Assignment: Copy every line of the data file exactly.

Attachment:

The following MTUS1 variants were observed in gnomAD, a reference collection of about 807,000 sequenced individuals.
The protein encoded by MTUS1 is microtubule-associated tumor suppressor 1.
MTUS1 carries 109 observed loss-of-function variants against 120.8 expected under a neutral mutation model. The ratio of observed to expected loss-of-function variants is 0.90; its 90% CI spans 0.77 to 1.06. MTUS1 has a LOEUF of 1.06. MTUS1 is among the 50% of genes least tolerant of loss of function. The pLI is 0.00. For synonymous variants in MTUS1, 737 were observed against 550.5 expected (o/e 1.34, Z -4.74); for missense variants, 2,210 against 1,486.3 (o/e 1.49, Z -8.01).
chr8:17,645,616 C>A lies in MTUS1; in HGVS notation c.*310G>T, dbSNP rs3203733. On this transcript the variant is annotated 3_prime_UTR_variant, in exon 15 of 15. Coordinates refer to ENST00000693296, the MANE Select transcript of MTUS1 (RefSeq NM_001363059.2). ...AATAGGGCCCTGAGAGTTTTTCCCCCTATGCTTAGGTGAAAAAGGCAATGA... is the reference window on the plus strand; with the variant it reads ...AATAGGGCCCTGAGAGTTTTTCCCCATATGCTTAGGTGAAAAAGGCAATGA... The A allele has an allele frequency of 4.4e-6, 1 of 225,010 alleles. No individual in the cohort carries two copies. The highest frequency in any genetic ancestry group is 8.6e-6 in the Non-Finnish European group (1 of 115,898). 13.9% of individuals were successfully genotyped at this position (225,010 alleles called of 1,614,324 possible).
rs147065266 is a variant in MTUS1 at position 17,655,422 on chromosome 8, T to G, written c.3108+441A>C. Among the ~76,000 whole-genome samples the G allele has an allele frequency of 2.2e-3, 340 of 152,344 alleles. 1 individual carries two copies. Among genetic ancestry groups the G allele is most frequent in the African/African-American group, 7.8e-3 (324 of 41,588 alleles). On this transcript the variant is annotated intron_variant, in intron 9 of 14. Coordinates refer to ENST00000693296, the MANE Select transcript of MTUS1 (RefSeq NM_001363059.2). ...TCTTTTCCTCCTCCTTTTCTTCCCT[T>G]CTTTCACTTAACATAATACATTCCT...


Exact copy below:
The following MTUS1 variants were observed in gnomAD, a reference collection of about 807,000 sequenced individuals.
The protein encoded by MTUS1 is microtubule-associated tumor suppressor 1.
MTUS1 carries 109 observed loss-of-function variants against 120.8 expected under a neutral mutation model. The ratio of observed to expected loss-of-function variants is 0.90; its 90% CI spans 0.77 to 1.06. MTUS1 has a LOEUF of 1.06. MTUS1 is among the 50% of genes least tolerant of loss of function. The pLI is 0.00. For synonymous variants in MTUS1, 737 were observed against 550.5 expected (o/e 1.34, Z -4.74); for missense variants, 2,210 against 1,486.3 (o/e 1.49, Z -8.01).
chr8:17,645,616 C>A lies in MTUS1; in HGVS notation c.*310G>T, dbSNP rs3203733. On this transcript the variant is annotated 3_prime_UTR_variant, in exon 15 of 15. Coordinates refer to ENST00000693296, the MANE Select transcript of MTUS1 (RefSeq NM_001363059.2). ...AATAGGGCCCTGAGAGTTTTTCCCCCTATGCTTAGGTGAAAAAGGCAATGA... is the reference window on the plus strand; with the variant it reads ...AATAGGGCCCTGAGAGTTTTTCCCCATATGCTTAGGTGAAAAAGGCAATGA... The A allele has an allele frequency of 4.4e-6, 1 of 225,010 alleles. No individual in the cohort carries two copies. The highest frequency in any genetic ancestry group is 8.6e-6 in the Non-Finnish European group (1 of 115,898). 13.9% of individuals were successfully genotyped at this position (225,010 alleles called of 1,614,324 possible).
rs147065266 is a variant in MTUS1 at position 17,655,422 on chromosome 8, T to G, written c.3108+441A>C. Among the ~76,000 whole-genome samples the G allele has an allele frequency of 2.2e-3, 340 of 152,344 alleles. 1 individual carries two copies. Among genetic ancestry groups the G allele is most frequent in the African/African-American group, 7.8e-3 (324 of 41,588 alleles). On this transcript the variant is annotated intron_variant, in intron 9 of 14. Coordinates refer to ENST00000693296, the MANE Select transcript of MTUS1 (RefSeq NM_001363059.2). ...TCTTTTCCTCCTCCTTTTCTTCCCT[T>G]CTTTCACTTAACATAATACATTCCT...